"It's funny. Right when they sent us all the tour dates there wasn't an Augusta show," said band member Dave Haywood, who graduated from Lakeside High School along with co-lead singer Charles Kelley in 2000.
"I was talking to Charles saying, 'We've got to do Augusta. My mom's (going to) kill me if we don't do Augusta,' " said Haywood, who sings backup vocals and plays guitar and piano for the group. "We have so many great friends and family and high school buddies, and we wanted to do something. It was really important for us."
The trio, which is rounded out by Nashville, Tenn., native and co-lead singer Hillary Scott, brings its Need You Now Tour to James Brown Arena on Monday night for a show that sold out in seven minutes.
It also will perform a sold-out lunch-break acoustic concert the same day at Bell Auditorium to benefit the Medical College of Georgia's Children's Medical Center.
The last time Lady Antebellum performed in the area was in 2008 for Kicks 99's Guitar Pull.
It has been a dizzying ride to the top for the band: four consecutive chart-topping hits; a crossover smash single with Need You Now ; one of the hottest albums in the country; and two Country Music Association awards Wednesday.
Through all the success, the band has remained true to itself and its roots, according to friends, family and fans, who attribute Lady A's achievements to hard work and flawless harmonies.
"They all have their role, and each role is important," said Kelley's father, Dr. John Kelley. "They get the most enjoyment when they see their fans having a good time, and they know that they have made a difference. They are having a good time."
Both involved in music
Lady Antebellum formed in 2006 after Kelley and Haywood quit their day jobs, moved to Nashville and met Scott.
But the first seeds of the band were planted when the Haywood family moved back to Augusta in 1993 after living for about a decade in Chapel Hill, N.C., where Haywood's father, Dr. Van Haywood, taught at the University of North Carolina School of Dentistry.
Haywood and Kelley met as students at Riverside Middle School in Evans. They were friends, but the musical partnership wasn't immediate.
Haywood was enmeshed in music from a young age with his family.
"We're a musical family. My wife and I sang together from the time we dated, and then we got married," his father said. "All our kids started on piano when they were 6 years old. When we would go on car tours, we would harmonize when we were driving."
He taught his son guitar, and Haywood also took up clarinet in middle school. In high school, Haywood played in a jazz band with Kelley's brother, Josh, who is now embarking on a country music career after having several hit songs as a pop and indie artist.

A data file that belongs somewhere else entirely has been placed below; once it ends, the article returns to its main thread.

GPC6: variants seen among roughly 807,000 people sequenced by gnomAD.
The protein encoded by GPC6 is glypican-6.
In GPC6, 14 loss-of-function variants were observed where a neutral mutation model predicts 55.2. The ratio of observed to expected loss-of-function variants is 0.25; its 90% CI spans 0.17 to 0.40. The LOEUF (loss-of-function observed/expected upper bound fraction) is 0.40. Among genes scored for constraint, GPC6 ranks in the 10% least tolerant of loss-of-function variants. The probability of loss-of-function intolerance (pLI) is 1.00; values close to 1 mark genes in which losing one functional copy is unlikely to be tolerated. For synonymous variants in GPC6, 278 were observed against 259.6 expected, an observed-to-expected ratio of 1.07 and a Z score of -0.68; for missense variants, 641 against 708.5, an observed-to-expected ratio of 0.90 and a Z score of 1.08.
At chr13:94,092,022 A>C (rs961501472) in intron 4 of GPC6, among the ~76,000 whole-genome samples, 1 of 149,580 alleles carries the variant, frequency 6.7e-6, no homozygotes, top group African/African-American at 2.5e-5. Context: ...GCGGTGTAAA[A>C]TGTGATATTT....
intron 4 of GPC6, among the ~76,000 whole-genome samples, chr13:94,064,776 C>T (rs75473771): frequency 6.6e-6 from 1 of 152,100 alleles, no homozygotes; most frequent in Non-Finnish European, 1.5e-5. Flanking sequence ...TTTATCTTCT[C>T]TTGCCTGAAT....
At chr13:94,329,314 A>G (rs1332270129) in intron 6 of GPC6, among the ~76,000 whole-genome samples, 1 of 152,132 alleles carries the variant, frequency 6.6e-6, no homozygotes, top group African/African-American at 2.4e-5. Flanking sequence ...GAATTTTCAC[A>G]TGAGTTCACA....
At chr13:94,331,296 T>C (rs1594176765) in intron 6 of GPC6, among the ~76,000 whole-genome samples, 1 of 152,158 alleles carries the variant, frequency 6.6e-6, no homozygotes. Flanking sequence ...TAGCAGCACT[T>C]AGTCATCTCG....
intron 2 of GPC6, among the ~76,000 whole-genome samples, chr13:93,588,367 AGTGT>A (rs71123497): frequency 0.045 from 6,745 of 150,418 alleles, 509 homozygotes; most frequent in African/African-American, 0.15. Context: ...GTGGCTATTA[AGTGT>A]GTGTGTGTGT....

Haywood also sang in Trinity-on-the-Hill United Methodist Church's youth choir, Love Unlimited, serving as the president during his senior year of high school.
"He was very focused, unlike a lot of high school kids at that time. He seemed to really know that he wanted to do something in music for a lifetime," said Danny Key, the minister of music at the church. "He really worked hard at his musical instruments. He had already begun, even as a senior in high school, to make arrangements of songs."
At Lakeside High, Haywood was given the senior superlative of "most talented." He was a good student and was also on the tennis team, where he played doubles.
"Everybody liked him, and he was just a good guy," said Christa Burch, who taught him math at the school. "It's exciting when you can see someone live out their dream."
For Kelley, music was also always a part of family life, his father said, but he added that the brothers "really took it to a new level."
As teenagers, the Kelley brothers had a band called Inside Blue with two other young local musicians, Pat Blanchard Jr. and Adam Hatfield. The act, which was mostly Southern rock, traveled across the area performing at functions for their peers and adults.
They sold all 1,000 copies of a mini-CD they produced and were approached by Augusta's James Brown for a record deal, which they ultimately turned down.
"They could sing. That made them stand out," John Kelley said.
Charles Kelley also plays the drums and was an avid golfer growing up. He was given the senior superlative "best all-around," and his teachers recall his upbeat personality.
"He was one of the kinds of guys who was always positive and smiling," economics teacher Alex Bailie said. "He was fun to be around."
Kelley and Haywood wrote their first song together at the University of Georgia, where they graduated with degrees from the business school.